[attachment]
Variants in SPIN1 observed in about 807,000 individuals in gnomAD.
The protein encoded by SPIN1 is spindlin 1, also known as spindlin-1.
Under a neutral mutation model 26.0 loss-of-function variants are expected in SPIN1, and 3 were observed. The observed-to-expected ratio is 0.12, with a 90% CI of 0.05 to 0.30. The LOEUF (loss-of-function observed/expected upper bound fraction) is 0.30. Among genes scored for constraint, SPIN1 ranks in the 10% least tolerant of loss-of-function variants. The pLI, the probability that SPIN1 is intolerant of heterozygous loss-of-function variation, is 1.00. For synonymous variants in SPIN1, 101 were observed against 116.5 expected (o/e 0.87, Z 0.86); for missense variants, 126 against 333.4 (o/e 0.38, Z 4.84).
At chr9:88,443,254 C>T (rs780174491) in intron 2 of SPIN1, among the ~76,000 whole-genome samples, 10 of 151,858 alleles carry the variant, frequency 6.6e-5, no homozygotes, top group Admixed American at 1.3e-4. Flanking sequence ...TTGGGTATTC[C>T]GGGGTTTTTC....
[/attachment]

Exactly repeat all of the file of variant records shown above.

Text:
Variants in SPIN1 observed in about 807,000 individuals in gnomAD.
The protein encoded by SPIN1 is spindlin 1, also known as spindlin-1.
Under a neutral mutation model 26.0 loss-of-function variants are expected in SPIN1, and 3 were observed. The observed-to-expected ratio is 0.12, with a 90% CI of 0.05 to 0.30. The LOEUF (loss-of-function observed/expected upper bound fraction) is 0.30. Among genes scored for constraint, SPIN1 ranks in the 10% least tolerant of loss-of-function variants. The pLI, the probability that SPIN1 is intolerant of heterozygous loss-of-function variation, is 1.00. For synonymous variants in SPIN1, 101 were observed against 116.5 expected (o/e 0.87, Z 0.86); for missense variants, 126 against 333.4 (o/e 0.38, Z 4.84).
At chr9:88,443,254 C>T (rs780174491) in intron 2 of SPIN1, among the ~76,000 whole-genome samples, 10 of 151,858 alleles carry the variant, frequency 6.6e-5, no homozygotes, top group Admixed American at 1.3e-4. Flanking sequence ...TTGGGTATTC[C>T]GGGGTTTTTC....